The history of pyrography is of an art that originated in pre-history. Early man documented their life in pictures – as has man throughout the ages.
Drawing was the first method that man used to tell stories and communicate. And after the important discovery of fire, the early form of “wood burning” was invented.
Follow us through the remarkable development of this art and the tools through the ages. That this art form has stood the test of time is a testament to its durability and charm.
This ancient art form is very much alive today with beautiful and decorative products being created at home and on a commercial scale worldwide.
Early History of Pyrography
By using the charcoal that remained from their fires; early man discovered they could create patterns, designs and drawings on their walls. The natural progression of intuition and understanding synonymous with human nature aided their progression to using stone (or much later – metal) to scrape the charred wood of their fires. They discovered that scraping off the burnt black surface allowed the underlying natural wood to show through. This inspired the creation of designs and patterns in a different form.
Unfortunately, this method did not create permanent works of art. Much later in mans evolution in technology – the employment of metal implements meant that basic pyrography tools were manufactured. When looking back into the history of pyrography, you will find more permanent artworks having been burnt onto leather, wood and even bone.
Using heated metal objects directly from the fire onto burn their preferred medium, art was created.
This very simple, but effective method was in use until Medieval times.
Development Of Pyrography Tools: Pyrography Art As We Know It Today
The history of pyrography kept in step with man as he progressed through the ages, with wood burning techniques evolving too. Interesting and beautiful artifacts have been found in Peru and Roman Britain dating back to before the 1st century. With the progression of time through the centuries, particularly the Medieval, Renaissance and Victorian eras, wood burning became a more and more popular pastime.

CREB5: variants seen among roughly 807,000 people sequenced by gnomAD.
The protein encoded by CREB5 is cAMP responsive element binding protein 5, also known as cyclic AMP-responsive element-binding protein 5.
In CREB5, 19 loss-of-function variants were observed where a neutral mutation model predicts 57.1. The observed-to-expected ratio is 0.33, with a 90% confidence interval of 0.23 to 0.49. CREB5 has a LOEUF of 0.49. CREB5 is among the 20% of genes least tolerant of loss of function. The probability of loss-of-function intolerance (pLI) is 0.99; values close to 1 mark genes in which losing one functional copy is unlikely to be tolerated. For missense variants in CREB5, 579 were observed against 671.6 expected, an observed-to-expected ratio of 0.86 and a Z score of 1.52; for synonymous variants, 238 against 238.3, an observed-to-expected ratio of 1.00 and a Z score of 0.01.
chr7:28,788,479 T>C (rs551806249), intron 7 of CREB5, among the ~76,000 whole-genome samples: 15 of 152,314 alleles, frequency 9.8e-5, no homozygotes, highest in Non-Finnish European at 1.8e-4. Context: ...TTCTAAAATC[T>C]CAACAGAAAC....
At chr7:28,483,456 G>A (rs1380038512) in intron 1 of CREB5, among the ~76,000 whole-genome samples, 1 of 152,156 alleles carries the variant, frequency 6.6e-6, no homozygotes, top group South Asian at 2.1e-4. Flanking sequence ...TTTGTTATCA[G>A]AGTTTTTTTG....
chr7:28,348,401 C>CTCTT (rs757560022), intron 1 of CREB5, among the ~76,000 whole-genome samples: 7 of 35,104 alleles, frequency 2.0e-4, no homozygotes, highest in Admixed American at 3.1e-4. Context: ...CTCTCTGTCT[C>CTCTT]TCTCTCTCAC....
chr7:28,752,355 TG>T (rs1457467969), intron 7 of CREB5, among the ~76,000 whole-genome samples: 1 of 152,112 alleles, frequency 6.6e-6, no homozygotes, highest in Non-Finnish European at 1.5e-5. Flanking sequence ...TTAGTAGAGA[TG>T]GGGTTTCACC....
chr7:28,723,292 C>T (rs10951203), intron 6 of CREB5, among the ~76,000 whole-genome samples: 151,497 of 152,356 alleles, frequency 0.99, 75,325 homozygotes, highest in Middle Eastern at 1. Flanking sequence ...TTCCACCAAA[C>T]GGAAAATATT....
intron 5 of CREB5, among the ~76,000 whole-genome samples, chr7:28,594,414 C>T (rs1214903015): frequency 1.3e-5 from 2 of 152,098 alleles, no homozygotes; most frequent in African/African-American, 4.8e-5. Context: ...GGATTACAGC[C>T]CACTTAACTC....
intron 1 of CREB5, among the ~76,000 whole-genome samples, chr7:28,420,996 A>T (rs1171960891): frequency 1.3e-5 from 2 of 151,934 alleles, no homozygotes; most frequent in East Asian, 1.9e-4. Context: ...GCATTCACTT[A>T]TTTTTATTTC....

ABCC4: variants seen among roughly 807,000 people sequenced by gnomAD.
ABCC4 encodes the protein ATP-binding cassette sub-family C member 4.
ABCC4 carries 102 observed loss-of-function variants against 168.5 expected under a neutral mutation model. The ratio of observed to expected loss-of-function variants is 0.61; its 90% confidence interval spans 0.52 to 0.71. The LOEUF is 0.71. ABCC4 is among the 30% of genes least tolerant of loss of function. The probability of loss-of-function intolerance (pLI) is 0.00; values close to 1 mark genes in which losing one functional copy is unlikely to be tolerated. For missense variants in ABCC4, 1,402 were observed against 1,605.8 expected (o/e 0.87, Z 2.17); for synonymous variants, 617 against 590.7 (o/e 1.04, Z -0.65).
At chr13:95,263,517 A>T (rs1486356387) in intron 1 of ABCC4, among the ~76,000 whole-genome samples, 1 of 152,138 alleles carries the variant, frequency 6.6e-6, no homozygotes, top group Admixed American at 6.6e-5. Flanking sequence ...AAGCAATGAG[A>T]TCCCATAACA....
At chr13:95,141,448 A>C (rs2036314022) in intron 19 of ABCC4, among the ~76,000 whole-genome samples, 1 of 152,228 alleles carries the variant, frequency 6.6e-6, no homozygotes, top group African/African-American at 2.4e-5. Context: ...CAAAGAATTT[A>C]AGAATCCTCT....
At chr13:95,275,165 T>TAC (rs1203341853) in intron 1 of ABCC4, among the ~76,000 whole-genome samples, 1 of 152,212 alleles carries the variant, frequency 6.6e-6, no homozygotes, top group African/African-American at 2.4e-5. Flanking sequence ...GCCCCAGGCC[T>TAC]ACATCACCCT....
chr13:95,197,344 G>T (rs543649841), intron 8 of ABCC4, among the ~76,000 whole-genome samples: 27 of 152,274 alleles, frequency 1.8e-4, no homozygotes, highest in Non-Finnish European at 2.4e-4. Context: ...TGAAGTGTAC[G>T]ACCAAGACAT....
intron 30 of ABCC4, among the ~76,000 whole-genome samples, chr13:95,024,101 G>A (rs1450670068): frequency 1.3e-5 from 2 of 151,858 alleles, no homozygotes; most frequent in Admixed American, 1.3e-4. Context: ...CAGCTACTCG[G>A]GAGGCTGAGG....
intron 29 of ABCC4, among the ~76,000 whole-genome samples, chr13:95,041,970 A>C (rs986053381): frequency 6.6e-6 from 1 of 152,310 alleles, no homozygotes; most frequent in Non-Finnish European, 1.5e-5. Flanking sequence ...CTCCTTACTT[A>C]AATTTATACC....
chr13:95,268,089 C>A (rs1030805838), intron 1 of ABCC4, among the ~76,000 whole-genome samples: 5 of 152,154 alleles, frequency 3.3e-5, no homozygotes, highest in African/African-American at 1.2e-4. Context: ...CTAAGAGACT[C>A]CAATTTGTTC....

A wood burning toolkit during these eras consisted of a portable pot or stove. These had a number of holes made in the lid or stove top. These allowed pointed pokers of varying shaped “nibs” to be inserted and heated in the hot coals placed inside. The pokers or rods would tend to cool off quickly while they were being used, therefore several pokers were required in order to keep the momentum of work going.
This method of early wood burning was called “pokerwork”.
The progression of “pokerwork” from being a hobby or pastime of the wealthy and jobs for local craftsmen – to a commercial endeavor, happened with the invention of the first machine.
This industrial revolution was when the term “pyrography” came into being.
The Pyrography Tool is Born
By the early 20th century the development of the electric pyrography tool or soldering iron, created a small tool that allowed more control for the artist.
This development made it easy for the art form to be brought into the art studio of individuals and home artists.
Even with man’s technological advancements through the ages, the basic artistic techniques and methods have changed very little.
Burning with a hot tool is still the only possible way to create a wood burning.
The availability of different shaped nibs, finer honed tools and temperature controls have given pyrography artists the ability to create detailed and beautifully intricate workmanship using modern pyrography techniques.
This encompasses all styles and genres on many differing mediums.
Wood burning ideas, people’s artistic abilities, and man’s love of this art form has remained unchanged over the centuries.
It has just got a little more technically advanced.